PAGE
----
Kosher and halal slaughter is being vilified in Europe. Here’s what concerned investors can do about it.


SAN FRANCISCO (JTA) — On Sept. 1, the picturesque region of Wallonia will become the second in Belgium to ban killing animals without stunning them, rendering both kosher and most halal methods of slaughter illegal. 

In the United Kingdom, the Royal Society for the Prevention of Cruelty to Animals has also advocated against shechita, or kosher slaughter, as have several prominent UK politicians.

While the kosher-keeping world has been paying attention to these and other recent developments by European governments and lawmakers, major food corporations have been facing a campaign of their own.

Two of the world’s primary animal welfare organizations, Compassion in World Farming and World Animal Protection, advocate for governments in Europe to institute bans against religious slaughter and have recently turned their attention to food corporations that produce, distribute and sell meat. They seek to use investor pressure to discourage what they consider inhumane practices – among them, kosher and halal slaughter.

Even a small shift in corporate behavior can have wide implications on a range of issues, including things as basic as the foods we eat and how they are grown. For example, after years of campaigning, dozens of corporations, including Walmart, McDonald’s and General Mills, committed to source exclusively cage-free eggs in their supply chains. The commitment from McDonald’s alone means 2 billion eggs a year will be sourced from more humanely raised chickens. 

Most investor campaigns currently targeting food companies align with Jewish values. For example, my organization, JLens, recently initiated a campaign with Amazon (which now owns Whole Foods) to institute better policies and systems around food waste, an issue with direct tie-ins to the Jewish principle of bal tashchit (not wasting). 

But this prominent investor effort by Compassion in World Farming and World Animal Protection discriminates against Jewish and Muslim consumers. In February, the Business Benchmark on Farm Animal Welfare, the largest such global benchmark of companies, released its annual scores of how 150 of the largest food producers, retailers, manufacturers and restaurants perform on a range of animal welfare issues.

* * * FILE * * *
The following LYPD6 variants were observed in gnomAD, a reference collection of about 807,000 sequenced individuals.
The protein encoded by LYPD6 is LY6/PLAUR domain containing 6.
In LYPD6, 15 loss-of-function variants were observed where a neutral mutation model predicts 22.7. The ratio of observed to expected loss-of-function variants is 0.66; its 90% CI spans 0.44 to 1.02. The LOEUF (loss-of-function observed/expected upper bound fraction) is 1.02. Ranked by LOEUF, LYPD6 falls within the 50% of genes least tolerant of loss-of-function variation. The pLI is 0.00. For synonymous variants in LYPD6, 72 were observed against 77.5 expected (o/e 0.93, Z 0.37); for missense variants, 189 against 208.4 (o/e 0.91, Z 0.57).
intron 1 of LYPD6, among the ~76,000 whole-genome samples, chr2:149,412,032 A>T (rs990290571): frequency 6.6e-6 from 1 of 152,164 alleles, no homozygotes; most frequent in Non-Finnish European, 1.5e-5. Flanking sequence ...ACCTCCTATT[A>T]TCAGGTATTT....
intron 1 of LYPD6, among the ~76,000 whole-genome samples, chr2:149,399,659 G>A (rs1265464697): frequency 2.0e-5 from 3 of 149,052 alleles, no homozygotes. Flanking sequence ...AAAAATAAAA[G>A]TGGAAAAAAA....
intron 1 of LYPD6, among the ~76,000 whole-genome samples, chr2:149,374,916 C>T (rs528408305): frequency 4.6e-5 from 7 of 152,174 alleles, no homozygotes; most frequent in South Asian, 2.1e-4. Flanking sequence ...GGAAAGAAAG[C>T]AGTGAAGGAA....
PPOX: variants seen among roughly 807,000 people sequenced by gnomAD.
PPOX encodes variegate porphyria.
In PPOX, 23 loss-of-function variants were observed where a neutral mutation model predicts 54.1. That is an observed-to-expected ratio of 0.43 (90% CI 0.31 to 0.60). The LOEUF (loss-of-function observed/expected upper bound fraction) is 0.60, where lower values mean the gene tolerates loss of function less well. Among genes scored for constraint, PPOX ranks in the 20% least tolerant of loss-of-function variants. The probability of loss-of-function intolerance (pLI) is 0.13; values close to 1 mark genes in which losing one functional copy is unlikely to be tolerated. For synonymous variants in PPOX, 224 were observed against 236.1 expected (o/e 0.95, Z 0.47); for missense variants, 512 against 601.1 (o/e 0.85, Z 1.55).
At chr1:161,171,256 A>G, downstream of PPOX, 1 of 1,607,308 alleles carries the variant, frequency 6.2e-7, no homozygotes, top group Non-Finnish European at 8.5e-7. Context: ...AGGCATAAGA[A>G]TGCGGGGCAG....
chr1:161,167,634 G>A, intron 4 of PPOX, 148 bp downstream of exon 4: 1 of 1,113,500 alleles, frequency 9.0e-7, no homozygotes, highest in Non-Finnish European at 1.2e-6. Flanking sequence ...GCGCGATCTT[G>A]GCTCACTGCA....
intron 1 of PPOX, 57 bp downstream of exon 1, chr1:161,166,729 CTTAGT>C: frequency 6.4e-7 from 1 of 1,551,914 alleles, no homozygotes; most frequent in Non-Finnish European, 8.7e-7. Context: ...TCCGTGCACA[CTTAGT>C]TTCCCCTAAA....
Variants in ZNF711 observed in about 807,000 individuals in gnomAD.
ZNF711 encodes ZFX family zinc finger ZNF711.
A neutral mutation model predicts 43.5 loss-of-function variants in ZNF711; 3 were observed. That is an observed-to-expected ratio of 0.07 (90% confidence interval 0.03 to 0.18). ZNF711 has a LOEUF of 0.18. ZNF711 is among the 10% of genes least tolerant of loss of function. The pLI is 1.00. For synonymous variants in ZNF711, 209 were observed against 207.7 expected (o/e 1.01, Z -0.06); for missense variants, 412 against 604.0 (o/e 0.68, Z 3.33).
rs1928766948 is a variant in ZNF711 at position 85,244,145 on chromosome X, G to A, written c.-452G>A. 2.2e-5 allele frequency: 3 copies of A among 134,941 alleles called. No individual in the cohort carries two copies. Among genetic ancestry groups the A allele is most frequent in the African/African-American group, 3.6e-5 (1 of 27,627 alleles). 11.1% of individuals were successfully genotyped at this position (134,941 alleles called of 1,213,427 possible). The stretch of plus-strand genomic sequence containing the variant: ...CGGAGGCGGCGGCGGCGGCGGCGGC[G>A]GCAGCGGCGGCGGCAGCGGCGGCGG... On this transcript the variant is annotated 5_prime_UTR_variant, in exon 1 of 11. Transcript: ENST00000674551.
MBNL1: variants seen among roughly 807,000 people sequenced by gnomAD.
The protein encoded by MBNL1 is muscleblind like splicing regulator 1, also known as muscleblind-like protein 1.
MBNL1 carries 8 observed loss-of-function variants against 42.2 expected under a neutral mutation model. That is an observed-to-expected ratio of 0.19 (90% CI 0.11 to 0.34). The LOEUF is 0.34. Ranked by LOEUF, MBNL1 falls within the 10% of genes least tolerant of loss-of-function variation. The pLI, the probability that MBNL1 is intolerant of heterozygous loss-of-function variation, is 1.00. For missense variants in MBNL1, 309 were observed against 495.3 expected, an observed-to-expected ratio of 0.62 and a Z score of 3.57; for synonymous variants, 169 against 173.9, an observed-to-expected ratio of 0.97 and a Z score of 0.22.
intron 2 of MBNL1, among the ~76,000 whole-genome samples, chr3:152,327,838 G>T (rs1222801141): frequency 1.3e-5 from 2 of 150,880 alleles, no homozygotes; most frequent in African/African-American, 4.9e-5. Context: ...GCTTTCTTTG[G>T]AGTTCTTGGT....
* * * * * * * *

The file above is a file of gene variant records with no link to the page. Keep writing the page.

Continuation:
While much of the Benchmark’s work aligns with Jewish values on preventing suffering to animals, unfortunately it also holds a clear bias against kosher slaughter, including calling such slaughter “controversial” and comparing it to the production of foie gras and veal.

Last year, JLens engaged in a months-long campaign to challenge the Benchmark for its treatment of religious slaughter, and the Benchmark made some substantial improvements. Its 2019 report removed the language that compared kosher slaughter to foie gras and calling it “controversial.” The Benchmark also eliminated a sentence claiming that kosher slaughter permitted pre-slaughter stunning, a false claim made without any consultation with the broader Jewish community. 

Despite these changes in language, this year’s report continues to penalize companies that produce or sell kosher and halal meat. In two of the 34 questions the report asked companies about their welfare practices, companies were docked points simply for producing kosher meat. These points have significance: a corporation’s ranking could fall, its reputation could suffer and investors could react accordingly. 

Kosher slaughter has a much more favorable reception in the United States than in Europe. But in our interconnected world, many corporations doing business in multiple countries will be influenced by developments in Europe. The Benchmark itself, based in London, scores companies from around the world and represents a global coalition of investor signatories with over $2 trillion in assets. 

Investors have tremendous power to impact the world around them, and corporations are listening more closely than ever. As the world continues to wake up to the power of the values-based investing movement, hopefully the broader Jewish community will recognize the necessity of having a voice in the movement as well. 

JLens attended the Benchmark’s report launch in March in London to raise concerns about the Benchmark’s religious discrimination. But this campaign will not be won quickly.

Concerned investors cannot just parachute in on issues of concern. To have credibility in the responsible investing field requires a long-term commitment backed up with actual capital. The Jewish community can and should speak out against this discrimination; the most effective way to do so will be by engaging as responsible investors ourselves.

Concerned investors can begin by examining their own portfolios to ensure they do not promote religious discrimination and instead reflect their values. Additionally, Jewish responsible investors can partner with JLens and other organizations as we begin to build a coalition of responsible and faith-based investors to address this issue.

is the director of engagement for JLens, an organization that serves as a bridge between the Jewish community and the responsible investing arena.

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